In our last video, Chris Creech and I explained the differences between email deliverability, inbox placement and email engagement. Understanding the distinctions of these terms is important, but equally important is having a firm grasp on the factors that affect each of these components of your email marketing. In this video, we break down those factors by diving into topics including sender reputation, list cleanliness and quality content creation.
Chris: Hi, it’s Chris and Lauren again. We’re following up on a recent video we just did talking about the difference between deliverability, inbox placement and engagement. We defined those three terms but we didn’t get into what different factors affect each of those, so we wanted to do a little bit of a followup. In this video, we want to address what factors affect deliverability and inbox placement. Because there is some crossover in there, people often get confused about those two.
Lauren: We’ll start with email deliverability. As a reminder, deliverability meaning how many of your emails are actually being delivered to the inbox. There are two primary factors that are really going to affect your deliverability. One is list cleanliness: Who is on your list, are they valid email addresses, are you going to be sending to a bunch of emails that will be hard bounces or just not valid addresses, that kind of thing. Keeping your list as clean as possible is something that we work through with our clients on a monthly basis to make sure that people on the list are engaged and that they are actually valid people to be delivering mail to.
Chris: Yeah. It’s really important if you purchase a list. And we’re not against purchasing a list.
Lauren: Absolutely not. But if you do, clean it.
Chris: You know nothing about these names, so it’s always good to plan to spend a little extra money and pay for a good list cleansing to make sure that you have good, valid names so as not to affect your deliverability.
Lauren: The other thing is your sender reputation also plays a big part in whether or not your email is actually going to be delivered. Your sender reputation is a score that’s based on the mail coming from the outgoing IP as well as the domain. Basically, the mail coming from any given IP or domain is being looked at to see if people receiving that mail are unsubscribing or if they are getting put in spam folders, etc. If that’s happening a lot, you’re going to get dinged on your sender reputation. What we do at Newfangled is all of our clients send from a dedicated IP address, and we’re meeting with everyone who is sending from that IP address to ensure that they are adhering to best practices about list cleanliness and other email best practices to make sure that that sender reputation is quite high.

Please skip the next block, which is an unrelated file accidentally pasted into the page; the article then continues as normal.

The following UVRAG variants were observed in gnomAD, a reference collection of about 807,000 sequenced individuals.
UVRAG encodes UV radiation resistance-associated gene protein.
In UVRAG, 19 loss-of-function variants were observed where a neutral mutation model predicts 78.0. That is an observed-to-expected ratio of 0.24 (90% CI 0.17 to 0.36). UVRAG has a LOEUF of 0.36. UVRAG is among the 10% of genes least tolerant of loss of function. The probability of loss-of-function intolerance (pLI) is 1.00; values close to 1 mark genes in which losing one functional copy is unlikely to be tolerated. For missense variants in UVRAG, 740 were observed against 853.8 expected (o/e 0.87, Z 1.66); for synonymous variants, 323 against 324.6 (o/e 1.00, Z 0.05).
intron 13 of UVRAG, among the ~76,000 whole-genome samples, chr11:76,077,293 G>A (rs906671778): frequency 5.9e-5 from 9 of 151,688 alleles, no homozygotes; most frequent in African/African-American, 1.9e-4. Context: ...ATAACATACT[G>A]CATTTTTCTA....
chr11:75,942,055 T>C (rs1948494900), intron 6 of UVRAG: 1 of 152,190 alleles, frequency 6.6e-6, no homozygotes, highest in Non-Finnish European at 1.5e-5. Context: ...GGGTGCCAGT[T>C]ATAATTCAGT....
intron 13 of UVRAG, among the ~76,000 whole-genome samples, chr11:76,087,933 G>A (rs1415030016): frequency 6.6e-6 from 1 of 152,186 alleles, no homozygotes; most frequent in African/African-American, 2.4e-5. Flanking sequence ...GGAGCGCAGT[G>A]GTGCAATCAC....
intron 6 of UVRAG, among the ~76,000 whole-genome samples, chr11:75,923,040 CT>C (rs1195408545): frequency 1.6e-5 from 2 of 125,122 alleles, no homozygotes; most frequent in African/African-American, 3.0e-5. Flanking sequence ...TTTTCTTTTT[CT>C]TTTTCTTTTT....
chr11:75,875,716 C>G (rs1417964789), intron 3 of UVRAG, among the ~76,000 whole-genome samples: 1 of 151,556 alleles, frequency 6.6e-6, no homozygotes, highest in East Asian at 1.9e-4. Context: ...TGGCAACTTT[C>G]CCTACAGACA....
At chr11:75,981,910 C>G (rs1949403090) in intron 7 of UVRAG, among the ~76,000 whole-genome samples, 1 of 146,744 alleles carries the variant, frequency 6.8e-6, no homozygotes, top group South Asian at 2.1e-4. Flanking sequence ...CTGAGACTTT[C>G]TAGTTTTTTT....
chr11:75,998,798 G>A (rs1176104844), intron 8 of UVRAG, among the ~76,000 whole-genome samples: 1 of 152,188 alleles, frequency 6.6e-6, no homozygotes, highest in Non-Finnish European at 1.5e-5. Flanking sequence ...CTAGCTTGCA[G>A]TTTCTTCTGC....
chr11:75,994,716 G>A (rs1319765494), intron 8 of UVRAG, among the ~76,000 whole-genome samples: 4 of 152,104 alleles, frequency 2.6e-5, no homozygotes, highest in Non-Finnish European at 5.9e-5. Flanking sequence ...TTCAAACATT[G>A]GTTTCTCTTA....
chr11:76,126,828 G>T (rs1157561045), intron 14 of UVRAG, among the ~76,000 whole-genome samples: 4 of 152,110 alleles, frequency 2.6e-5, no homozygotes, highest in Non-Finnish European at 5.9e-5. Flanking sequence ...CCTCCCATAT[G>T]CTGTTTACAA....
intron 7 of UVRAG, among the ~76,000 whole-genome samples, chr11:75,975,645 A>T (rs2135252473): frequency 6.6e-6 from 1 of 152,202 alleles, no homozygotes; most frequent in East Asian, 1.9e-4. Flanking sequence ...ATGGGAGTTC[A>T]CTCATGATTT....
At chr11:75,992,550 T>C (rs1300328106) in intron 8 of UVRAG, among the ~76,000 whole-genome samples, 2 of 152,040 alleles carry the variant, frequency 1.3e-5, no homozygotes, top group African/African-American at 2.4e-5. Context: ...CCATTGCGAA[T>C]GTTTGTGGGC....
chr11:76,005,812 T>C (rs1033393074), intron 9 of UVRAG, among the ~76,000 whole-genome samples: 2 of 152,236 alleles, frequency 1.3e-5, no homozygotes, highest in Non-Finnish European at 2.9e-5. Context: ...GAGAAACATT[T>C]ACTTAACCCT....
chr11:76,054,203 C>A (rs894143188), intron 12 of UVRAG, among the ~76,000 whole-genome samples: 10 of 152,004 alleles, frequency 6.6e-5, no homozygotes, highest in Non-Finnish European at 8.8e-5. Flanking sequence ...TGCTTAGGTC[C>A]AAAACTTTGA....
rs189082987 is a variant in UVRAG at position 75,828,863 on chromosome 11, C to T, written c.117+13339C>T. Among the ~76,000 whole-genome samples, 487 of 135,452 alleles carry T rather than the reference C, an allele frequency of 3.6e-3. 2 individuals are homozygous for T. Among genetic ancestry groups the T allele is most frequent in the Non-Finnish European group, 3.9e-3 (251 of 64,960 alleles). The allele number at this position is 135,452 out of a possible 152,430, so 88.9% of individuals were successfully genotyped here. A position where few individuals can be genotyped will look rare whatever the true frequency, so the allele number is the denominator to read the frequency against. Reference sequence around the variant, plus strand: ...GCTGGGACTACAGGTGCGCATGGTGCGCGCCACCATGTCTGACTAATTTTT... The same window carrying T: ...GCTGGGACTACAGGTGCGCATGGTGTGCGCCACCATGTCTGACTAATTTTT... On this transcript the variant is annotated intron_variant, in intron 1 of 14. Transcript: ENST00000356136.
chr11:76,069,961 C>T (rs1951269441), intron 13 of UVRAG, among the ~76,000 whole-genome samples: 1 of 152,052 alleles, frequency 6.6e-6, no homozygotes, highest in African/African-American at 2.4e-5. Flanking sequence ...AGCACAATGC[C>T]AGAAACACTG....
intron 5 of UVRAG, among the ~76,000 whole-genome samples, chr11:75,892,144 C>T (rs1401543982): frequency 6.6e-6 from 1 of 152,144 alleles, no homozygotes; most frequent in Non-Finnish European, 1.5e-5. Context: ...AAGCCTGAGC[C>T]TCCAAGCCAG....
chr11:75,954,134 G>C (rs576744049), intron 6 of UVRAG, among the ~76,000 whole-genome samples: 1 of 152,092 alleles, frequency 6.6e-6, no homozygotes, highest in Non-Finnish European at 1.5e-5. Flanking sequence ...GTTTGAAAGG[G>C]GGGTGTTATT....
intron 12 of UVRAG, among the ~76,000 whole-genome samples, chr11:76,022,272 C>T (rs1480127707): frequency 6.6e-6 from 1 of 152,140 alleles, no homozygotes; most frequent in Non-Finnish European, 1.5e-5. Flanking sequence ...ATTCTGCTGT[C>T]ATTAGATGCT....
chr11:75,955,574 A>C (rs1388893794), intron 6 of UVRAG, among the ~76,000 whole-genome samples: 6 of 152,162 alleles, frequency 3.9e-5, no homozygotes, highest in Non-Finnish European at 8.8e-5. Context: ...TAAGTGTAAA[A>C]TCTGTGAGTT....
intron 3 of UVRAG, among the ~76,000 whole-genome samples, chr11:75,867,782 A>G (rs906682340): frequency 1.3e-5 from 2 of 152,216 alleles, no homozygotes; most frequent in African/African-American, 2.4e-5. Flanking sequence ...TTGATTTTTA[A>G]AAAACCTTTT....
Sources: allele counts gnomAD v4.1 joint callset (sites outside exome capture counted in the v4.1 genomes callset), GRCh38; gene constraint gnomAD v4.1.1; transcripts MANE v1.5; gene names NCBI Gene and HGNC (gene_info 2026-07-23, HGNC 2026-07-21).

Chris: Yeah. We’re using senderscore.org. Anyone can go there and check the sender score for any IP address. We keep an eye on ours. The score is on a scale from 1 to 100. We like to see ours at 97 to 100, which thankfully, it usually is. Once that email is delivered, we turn our attention to inbox placement.
Lauren: Right, where in the mailbox is that email going?
Chris: Once that mail is delivered, each receiving server has to decide, “Do I think this is something worthy of going to the inbox or am I going to place it in the junk folder?” Where is that going to go? They look beyond your sender reputation, and look at your domain and your previous mailing history. If you’re sending to Microsoft servers— Hotmail, MSN, Outlook — Microsoft can see, “OK, emails that have come from @yourname.com over the past year, a ton of them have ended up in spam, very few get opened, so we’re going to learn from that, and we’re going to place you in the spam folder.”
Chris: To combat that, you need to be writing really engaging emails, sending to a targeted audience so you’re getting people that are more likely to open, more likely to click on it, less likely to unsubscribe or put it in spam. Because then those servers will learn from it and hopefully place you more often in the inbox.
Lauren: You’ve got the IP consideration and the domain consideration.
Chris: Both of those play into both of the deliverability and inbox placement. Both equally and important if you want people to read that mail.